How Two Hawai‘i Women Helped Ignite the National Movement For Same-Sex Marriage
Twenty-five years ago, Genora Dancel was thrusted into the center of a controversial Hawai‘i case. We spoke with Dancel about her experiences.
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Timeline of Same-Sex Marriage (25 Years)
Dec. 17, 1990
Three same-sex couples—Ninia Baehr and Genora Dancel, Patrick Lagon and Joseph Melillo, Tammy Rodrigues and Antoinette Pregil—apply for marriage licenses at the state Department of Health. Officials deny the couples’ requests.
May 1, 1991
The couples’ attorney, Dan Foley, files a complaint in Hawai‘i Circuit Court, asking the court to direct the state to issue marriage licenses to the three same-sex couples.
Oct. 1, 1991
Circuit Court Judge Robert Klein rules that same-sex couples have no fundamental right to marry. The case is appealed to the Hawai‘i Supreme Court.
Oct. 13, 1992
Hawai‘i state Supreme Court hears oral arguments in Baehr v. Lewin.
May 5, 1993
Hawai‘i state Supreme Court rules that denying same-sex couples the right to marry violates the equal protection clause of the state Constitution, unless the state can prove “compelling state interest.” The case returns to Circuit Court for trial.
Hearings on same-sex marriage are held on Maui, Kaua‘i, Hawai‘i Island and O‘ahu. The hearings galvanize both support and opposition.
April 25, 1994
Hawai‘i State Legislature passes legislation that limits marriage to one man and one woman, asserts the Legislature’s right to define marriage, and establishes a commission to study the issue. Then-Gov. John Waihe‘e signs the bill into law.
Dec. 8, 1995
Commission on Sexual Orientation and the Law releases its report to the Legislature, recommending that same-sex couples be allowed to marry, and that the state allow for comprehensive domestic partnership.
Sept. 10, 1996
Hawai‘i Circuit Court hears the nation’s first trial on same-sex marriage. The two-week trial covers whether the state has a compelling interest in denying same-sex couples the right to marry.
Sept. 10–21, 1996
U.S. Congress passes the Defense of Marriage Act, signed by President Bill Clinton, which limits federal benefits to opposite-sex couples and allows states to invalidate same-sex marriages performed elsewhere.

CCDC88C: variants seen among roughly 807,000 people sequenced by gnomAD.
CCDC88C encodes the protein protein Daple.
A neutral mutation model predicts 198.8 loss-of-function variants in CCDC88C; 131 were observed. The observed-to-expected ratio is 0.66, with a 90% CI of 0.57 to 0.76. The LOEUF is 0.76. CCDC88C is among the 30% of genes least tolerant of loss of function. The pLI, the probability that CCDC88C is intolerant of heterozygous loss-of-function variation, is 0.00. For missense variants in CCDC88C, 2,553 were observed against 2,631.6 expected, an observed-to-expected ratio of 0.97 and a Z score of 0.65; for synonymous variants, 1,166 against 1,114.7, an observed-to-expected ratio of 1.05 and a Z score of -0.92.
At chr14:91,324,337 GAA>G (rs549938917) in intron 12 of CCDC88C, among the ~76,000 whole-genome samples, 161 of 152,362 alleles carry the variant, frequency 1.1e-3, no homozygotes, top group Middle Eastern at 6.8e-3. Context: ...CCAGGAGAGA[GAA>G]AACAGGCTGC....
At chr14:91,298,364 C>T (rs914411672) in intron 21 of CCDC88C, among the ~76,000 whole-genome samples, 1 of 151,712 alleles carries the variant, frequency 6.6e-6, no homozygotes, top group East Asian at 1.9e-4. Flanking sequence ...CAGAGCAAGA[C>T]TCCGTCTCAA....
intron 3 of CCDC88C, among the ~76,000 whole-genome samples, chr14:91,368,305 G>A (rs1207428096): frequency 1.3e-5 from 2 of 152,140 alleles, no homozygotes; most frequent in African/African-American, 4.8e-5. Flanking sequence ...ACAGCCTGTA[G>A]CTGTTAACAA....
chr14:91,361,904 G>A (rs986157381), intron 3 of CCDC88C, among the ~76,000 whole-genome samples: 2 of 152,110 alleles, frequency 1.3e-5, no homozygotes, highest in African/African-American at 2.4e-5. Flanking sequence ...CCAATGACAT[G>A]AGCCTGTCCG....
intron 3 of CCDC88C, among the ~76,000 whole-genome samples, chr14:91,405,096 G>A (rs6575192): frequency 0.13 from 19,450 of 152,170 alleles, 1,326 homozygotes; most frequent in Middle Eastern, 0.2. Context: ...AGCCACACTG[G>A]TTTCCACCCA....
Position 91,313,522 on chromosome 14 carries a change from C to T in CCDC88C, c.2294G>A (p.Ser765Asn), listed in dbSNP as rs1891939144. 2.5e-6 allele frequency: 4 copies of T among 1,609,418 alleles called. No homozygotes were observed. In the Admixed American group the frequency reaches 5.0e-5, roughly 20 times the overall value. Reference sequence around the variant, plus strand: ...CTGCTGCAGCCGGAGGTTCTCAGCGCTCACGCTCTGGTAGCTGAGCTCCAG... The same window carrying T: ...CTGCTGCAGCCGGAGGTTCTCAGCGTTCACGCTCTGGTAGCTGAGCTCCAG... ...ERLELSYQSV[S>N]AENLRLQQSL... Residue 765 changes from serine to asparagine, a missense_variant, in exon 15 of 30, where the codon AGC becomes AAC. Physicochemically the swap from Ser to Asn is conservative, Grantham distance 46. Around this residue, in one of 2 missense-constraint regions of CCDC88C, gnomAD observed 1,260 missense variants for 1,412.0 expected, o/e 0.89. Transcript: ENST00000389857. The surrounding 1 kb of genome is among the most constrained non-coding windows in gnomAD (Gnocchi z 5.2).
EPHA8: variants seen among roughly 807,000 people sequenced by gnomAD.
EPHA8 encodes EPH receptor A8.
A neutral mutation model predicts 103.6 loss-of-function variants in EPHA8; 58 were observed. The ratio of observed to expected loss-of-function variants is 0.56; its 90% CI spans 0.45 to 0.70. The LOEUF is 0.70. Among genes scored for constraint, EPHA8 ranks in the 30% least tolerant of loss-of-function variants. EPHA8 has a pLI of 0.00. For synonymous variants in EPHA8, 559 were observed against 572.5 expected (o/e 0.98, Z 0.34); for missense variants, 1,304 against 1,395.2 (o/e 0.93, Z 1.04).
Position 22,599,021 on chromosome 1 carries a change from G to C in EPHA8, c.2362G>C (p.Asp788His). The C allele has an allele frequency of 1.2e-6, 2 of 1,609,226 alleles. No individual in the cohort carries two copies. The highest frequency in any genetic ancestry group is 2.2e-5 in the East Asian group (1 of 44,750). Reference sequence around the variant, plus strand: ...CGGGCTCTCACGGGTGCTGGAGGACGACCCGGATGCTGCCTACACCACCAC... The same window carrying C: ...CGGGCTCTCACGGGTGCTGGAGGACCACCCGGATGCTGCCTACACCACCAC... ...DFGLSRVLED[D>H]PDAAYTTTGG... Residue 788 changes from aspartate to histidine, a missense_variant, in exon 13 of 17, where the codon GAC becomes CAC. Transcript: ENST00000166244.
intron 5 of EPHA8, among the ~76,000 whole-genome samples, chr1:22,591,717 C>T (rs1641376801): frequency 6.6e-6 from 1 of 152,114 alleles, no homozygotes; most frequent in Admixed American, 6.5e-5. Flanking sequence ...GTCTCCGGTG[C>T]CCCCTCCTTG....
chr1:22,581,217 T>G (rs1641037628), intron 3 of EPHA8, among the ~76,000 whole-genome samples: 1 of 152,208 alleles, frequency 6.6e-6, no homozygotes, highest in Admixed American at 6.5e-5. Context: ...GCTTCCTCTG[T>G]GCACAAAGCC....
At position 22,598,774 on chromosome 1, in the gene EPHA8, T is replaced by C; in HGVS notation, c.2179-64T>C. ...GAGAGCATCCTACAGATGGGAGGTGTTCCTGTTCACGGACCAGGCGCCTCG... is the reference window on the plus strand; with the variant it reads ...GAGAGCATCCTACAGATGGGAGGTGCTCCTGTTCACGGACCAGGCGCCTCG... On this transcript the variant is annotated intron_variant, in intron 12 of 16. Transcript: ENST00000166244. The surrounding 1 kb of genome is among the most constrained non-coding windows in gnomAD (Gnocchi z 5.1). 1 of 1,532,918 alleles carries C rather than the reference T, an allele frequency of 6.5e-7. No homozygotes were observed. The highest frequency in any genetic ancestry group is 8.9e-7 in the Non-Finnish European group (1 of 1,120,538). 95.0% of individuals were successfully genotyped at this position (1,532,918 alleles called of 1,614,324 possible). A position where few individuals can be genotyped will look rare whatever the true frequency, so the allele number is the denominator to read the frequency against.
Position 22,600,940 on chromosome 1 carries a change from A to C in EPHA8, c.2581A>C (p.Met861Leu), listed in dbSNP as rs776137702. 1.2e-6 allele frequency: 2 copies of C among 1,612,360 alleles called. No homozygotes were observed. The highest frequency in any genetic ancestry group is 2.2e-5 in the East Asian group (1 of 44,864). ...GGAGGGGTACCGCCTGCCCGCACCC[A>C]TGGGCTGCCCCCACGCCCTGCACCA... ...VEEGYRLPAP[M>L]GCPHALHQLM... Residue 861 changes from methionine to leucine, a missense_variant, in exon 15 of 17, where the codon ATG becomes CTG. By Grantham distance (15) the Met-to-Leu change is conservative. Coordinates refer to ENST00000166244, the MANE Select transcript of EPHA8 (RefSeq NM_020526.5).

Dec. 3, 1996
Hawai‘i Circuit Court Judge Kevin Chang issues a decision that same-sex couples have the right to marry. After Chang’s ruling, the state appeals to the Supreme Court.
April 16, 1997
Legislature passes two bills. One sets the stage for a constitutional amendment banning same-sex marriage, the second provides many of the rights of marriage to couples who are unable to legally marry.
Nov. 3, 1998
Hawai‘i voters approve by 70 percent a constitutional amendment allowing the Legislature to ban same-sex marriage.
Dec. 9, 1999
Hawai‘i Supreme Court dismisses the case, stating that the matter was given to the Legislature.
May 17, 2004
Massachusetts legalizes same-sex marriage, following a high court ruling in 2003 upholding the constitutional right of gays and lesbians
Feb. 16, 2011
Hawai‘i Legislature passes a bill, signed by Gov. Neil Abercrombie, establishing civil unions.
Nov. 13, 2013
Gov. Neil Abercrombie signs SB1 legalizing same-sex marriage. Hawai‘i becomes the 15th state in the nation to do so.
June 26, 2015
U.S. Supreme Court recognizes that same-sex couples have the right to marry in the United States.
Photo: Jeannemarie Photography
On the morning of June 26, 2015, Ninia Baehr was aboard the Staten Island ferry headed to Manhattan when a fleet of boats, all flying rainbow-colored flags, caught her eye. She wondered about the display, but shrugged it off as another salute to Gay Pride month. It wasn’t until she later saw the flood of texts and emails on her cell phone that Baehr realized the boats were indeed heralding a historic victory. The U.S. Supreme Court had just issued its opinion recognizing the right of same-sex couple to marry.
It was a triumphant moment. Baehr, who lives in New York and is married to long-time partner, Lori Hiris, phoned Dancel later that day to exchange congratulations. “It was great,” Baehr says. “We both felt such a sense of completion. We thought, Oh, my God, 25 years and here we are.”
Baehr understood the magnitude of the victory, having devoted her career to helping underserved communities, where success is achieved incrementally, if at all. In Baltimore during the late 1990s, she worked with homeless people before overseeing a program in New York that aided victims of torture. In 2004, Baehr moved to Montana, where she managed a statewide public health program. She later worked for ACLU Montana, and is currently finishing up her Ph.D. in American Studies from Montana State University.
Baehr, who was born in Hawai‘i, traces her commitment to social justice to her parents and to the values of her Quaker upbringing. Today, she works as a community outreach research coordinator for Memorial Sloan Kettering Cancer Center in New York.
At home, she enjoys a quiet life with Hiris, a laboratory technician at the College of Staten Island, and their labradoodle, Ida Mae Tarbell. During the height of the same-sex marriage debate, Baehr had dreamed of getting married atop Haleakalā, dressed in a long, flowing gown. Her wedding, which took place on Christmas Day 2014 at the couple’s Montana home, turned out to be more down to earth. “We shoveled snow off the driveway so that people could get in,” Baehr recalls, adding that her mother, C.J., was visiting at the time. “Then we got married right in front of the Christmas tree in our pajamas.”
About the Author
Writer Carlyn Tani witnessed firsthand the turbulent battle for same-sex marriage in Hawai‘i, as the wife of associate judge Dan Foley, who filed the original lawsuit in 1991. Carlyn has worked as a communications director, a modern dancer and a documentary filmmaker. She and Dan live a block from the beach in Kailua, where they raised two sons.